Do I have to spray? Healthy fruit

By Eric Barrett

OSU Ext. educator

We get lots of questions in our clinic and at area meetings about whether a home gardener needs to spray. Most of the time these questions relate to grapes, apples and peaches in the home garden.

The easy answer is, “No, you are not required to spray your plants.” But this is a great question and a reminder of what our options are when we have disease and insect pressure in our home fruit crops.

When it comes to insects and diseases, if you want high-quality fruit, organic or conventional insecticides and fungicides are usually necessary. The biggest challenge for most homeowners when it comes to spraying grapes or fruit trees is time and persistence. Most sprays need to be applied every seven to 10 days starting at bud break in very early spring. Getting sprays applied in the correct manner at the correct time requires a commitment of time, energy and equipment.

Thus, the better option for most homeowners is proper planning and the adoption of integrated pest-management practices before planting fruit trees or grape vines. This starts with choosing varieties that are resistant to diseases. For example, choosing an apple tree that is immune or resistant to apple scab is a huge step forward in making apple growing easier and less time-consuming.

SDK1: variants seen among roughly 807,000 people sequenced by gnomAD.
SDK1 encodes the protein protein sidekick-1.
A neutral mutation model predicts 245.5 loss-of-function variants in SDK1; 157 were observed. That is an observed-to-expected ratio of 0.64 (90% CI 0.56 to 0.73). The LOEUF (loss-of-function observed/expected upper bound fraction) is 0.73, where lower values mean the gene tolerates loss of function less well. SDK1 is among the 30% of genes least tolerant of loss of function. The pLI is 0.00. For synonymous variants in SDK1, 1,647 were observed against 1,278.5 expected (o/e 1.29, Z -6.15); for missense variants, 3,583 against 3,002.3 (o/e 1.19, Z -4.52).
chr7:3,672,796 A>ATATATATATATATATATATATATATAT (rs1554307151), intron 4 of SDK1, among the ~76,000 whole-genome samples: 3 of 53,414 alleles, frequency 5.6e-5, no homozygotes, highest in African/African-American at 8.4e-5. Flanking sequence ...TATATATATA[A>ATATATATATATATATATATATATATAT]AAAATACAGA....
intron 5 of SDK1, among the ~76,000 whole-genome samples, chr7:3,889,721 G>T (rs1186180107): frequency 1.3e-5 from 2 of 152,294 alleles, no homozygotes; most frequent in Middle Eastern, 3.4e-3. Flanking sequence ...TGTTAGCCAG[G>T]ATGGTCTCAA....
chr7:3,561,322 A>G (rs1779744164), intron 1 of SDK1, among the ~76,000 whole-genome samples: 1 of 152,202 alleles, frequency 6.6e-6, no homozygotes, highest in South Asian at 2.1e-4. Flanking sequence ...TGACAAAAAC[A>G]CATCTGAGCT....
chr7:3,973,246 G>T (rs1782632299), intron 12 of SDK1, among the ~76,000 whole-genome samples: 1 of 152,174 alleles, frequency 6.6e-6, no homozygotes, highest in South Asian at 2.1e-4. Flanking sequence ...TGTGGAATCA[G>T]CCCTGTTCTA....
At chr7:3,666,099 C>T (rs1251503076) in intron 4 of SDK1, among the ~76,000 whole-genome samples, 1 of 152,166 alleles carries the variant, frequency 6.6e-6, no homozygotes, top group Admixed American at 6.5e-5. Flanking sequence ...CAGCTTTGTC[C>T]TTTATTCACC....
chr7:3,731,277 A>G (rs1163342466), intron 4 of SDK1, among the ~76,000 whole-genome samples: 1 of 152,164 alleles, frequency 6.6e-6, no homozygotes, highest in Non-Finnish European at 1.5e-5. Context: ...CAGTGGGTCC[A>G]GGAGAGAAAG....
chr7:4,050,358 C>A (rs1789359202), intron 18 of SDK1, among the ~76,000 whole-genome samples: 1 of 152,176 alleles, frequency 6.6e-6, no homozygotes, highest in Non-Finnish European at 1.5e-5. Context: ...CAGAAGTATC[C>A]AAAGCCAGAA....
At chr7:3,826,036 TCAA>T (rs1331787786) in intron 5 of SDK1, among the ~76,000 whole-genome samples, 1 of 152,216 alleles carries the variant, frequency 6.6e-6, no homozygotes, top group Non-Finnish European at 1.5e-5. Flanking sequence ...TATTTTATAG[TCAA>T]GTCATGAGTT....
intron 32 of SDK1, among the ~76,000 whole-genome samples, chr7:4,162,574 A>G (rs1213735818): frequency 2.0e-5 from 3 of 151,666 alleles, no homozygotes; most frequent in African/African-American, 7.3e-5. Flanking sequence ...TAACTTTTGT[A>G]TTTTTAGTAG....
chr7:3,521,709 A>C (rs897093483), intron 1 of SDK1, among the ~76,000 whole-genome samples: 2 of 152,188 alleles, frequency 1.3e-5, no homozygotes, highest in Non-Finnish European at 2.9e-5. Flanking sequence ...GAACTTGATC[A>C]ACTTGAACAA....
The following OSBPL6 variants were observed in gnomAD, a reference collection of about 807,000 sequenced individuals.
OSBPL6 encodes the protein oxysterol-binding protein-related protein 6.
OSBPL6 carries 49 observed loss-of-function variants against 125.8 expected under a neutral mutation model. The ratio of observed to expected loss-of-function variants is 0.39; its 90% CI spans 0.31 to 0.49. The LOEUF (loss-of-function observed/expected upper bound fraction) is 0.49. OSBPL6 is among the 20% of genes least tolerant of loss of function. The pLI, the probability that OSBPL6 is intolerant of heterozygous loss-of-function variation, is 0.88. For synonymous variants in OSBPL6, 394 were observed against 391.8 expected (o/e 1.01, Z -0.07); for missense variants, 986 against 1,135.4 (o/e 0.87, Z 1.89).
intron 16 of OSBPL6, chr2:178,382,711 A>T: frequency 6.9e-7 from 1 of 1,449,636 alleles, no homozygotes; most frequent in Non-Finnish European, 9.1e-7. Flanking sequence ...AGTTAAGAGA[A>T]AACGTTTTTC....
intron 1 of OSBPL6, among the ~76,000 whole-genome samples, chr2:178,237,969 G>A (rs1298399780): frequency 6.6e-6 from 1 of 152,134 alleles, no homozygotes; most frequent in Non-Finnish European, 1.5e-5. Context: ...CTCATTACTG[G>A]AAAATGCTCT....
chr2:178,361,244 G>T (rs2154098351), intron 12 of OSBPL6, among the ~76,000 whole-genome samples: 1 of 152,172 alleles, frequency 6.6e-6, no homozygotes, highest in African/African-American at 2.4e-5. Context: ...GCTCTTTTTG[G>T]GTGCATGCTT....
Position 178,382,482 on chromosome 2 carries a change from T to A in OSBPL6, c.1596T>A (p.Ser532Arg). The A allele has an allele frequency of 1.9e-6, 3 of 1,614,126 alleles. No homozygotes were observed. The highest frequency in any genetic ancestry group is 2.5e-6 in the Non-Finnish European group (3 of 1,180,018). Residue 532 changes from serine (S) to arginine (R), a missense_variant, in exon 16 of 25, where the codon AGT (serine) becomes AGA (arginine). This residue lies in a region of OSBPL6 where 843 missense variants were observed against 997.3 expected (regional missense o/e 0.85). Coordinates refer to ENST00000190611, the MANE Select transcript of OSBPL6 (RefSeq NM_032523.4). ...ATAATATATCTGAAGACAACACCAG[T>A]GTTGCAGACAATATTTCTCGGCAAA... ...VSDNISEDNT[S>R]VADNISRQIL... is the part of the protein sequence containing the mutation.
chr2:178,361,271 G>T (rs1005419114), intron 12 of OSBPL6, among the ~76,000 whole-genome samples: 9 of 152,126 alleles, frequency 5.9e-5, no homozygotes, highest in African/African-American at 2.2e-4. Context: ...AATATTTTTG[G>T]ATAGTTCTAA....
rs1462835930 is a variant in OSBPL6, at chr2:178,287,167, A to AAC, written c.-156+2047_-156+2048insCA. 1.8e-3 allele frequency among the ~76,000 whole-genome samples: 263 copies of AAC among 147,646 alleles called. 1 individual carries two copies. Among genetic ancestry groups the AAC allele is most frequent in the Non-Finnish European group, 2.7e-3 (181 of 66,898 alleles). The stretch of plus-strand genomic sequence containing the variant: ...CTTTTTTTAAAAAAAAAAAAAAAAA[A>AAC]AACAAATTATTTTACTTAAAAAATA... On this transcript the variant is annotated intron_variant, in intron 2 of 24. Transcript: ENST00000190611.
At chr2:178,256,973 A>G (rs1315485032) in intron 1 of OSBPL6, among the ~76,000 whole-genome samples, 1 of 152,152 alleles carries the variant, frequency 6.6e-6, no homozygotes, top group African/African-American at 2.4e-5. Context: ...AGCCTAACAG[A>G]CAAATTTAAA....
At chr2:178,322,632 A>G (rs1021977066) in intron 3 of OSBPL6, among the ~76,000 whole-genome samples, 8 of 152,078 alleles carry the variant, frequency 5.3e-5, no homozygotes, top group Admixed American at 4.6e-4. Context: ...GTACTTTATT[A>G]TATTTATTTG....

The problem? Many people only want to renovate an old orchard, grow an heirloom variety or get a free plant from a friend or neighbor. These methods are fine, but they do not guarantee a decent crop or disease resistance. Although many varieties have some resistance to apple scab, there are still issues with insect pests, fly speck and sooty blotch on apples. When it comes to insects, monitoring for key insects will help determine if any controls are necessary during the growing season.

Beyond disease resistance, the main steps to growing healthy fruit without spraying include:

1. Choosing the right site: A site where there is good air circulation, morning sun to dry leaves and higher areas that do not get spring frosts.

2. Soil testing: Be sure the soil is in the proper condition with the correct pH and nutrient levels for the fruit crop.

3. Proper pruning: The old adage about throwing a baseball through a tree suggests the fruit tree has been properly pruned. Generally, a fruit tree is not pretty to look at until the ripe fruit is the main feature. When it comes to grapes, they should not be grown on top of an overhead arbor. They should be grown on a simple trellis and constantly pruned.

4. Sanitation and fall cleanup: Keeping pruned branches and leaves out of the orchard will go a long way in reducing re-infection of fungal diseases. Fall cleanup should include the raking and removal of all leaves at the end of the season.

For information on growing and caring for fruit in the home garden, visit and

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